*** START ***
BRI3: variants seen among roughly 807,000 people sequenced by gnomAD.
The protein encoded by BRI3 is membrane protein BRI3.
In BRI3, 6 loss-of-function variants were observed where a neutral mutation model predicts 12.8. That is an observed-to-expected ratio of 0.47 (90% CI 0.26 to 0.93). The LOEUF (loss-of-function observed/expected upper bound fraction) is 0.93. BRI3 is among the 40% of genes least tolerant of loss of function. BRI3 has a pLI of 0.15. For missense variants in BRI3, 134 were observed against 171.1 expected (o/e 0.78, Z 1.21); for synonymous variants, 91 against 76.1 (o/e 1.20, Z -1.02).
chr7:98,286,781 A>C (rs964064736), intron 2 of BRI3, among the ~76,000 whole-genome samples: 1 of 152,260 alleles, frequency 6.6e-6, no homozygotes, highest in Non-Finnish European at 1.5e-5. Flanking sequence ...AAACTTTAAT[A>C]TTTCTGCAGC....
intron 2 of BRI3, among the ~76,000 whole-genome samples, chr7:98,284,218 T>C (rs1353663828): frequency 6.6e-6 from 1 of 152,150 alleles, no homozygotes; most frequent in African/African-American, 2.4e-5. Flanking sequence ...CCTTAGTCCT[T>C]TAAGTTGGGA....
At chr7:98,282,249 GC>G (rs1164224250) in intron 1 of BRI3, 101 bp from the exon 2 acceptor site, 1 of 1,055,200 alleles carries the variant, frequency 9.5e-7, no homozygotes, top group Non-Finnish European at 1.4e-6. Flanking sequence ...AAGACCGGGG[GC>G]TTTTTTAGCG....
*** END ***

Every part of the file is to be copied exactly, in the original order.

BRI3: variants seen among roughly 807,000 people sequenced by gnomAD.
The protein encoded by BRI3 is membrane protein BRI3.
In BRI3, 6 loss-of-function variants were observed where a neutral mutation model predicts 12.8. That is an observed-to-expected ratio of 0.47 (90% CI 0.26 to 0.93). The LOEUF (loss-of-function observed/expected upper bound fraction) is 0.93. BRI3 is among the 40% of genes least tolerant of loss of function. BRI3 has a pLI of 0.15. For missense variants in BRI3, 134 were observed against 171.1 expected (o/e 0.78, Z 1.21); for synonymous variants, 91 against 76.1 (o/e 1.20, Z -1.02).
chr7:98,286,781 A>C (rs964064736), intron 2 of BRI3, among the ~76,000 whole-genome samples: 1 of 152,260 alleles, frequency 6.6e-6, no homozygotes, highest in Non-Finnish European at 1.5e-5. Flanking sequence ...AAACTTTAAT[A>C]TTTCTGCAGC....
intron 2 of BRI3, among the ~76,000 whole-genome samples, chr7:98,284,218 T>C (rs1353663828): frequency 6.6e-6 from 1 of 152,150 alleles, no homozygotes; most frequent in African/African-American, 2.4e-5. Flanking sequence ...CCTTAGTCCT[T>C]TAAGTTGGGA....
At chr7:98,282,249 GC>G (rs1164224250) in intron 1 of BRI3, 101 bp from the exon 2 acceptor site, 1 of 1,055,200 alleles carries the variant, frequency 9.5e-7, no homozygotes, top group Non-Finnish European at 1.4e-6. Flanking sequence ...AAGACCGGGG[GC>G]TTTTTTAGCG....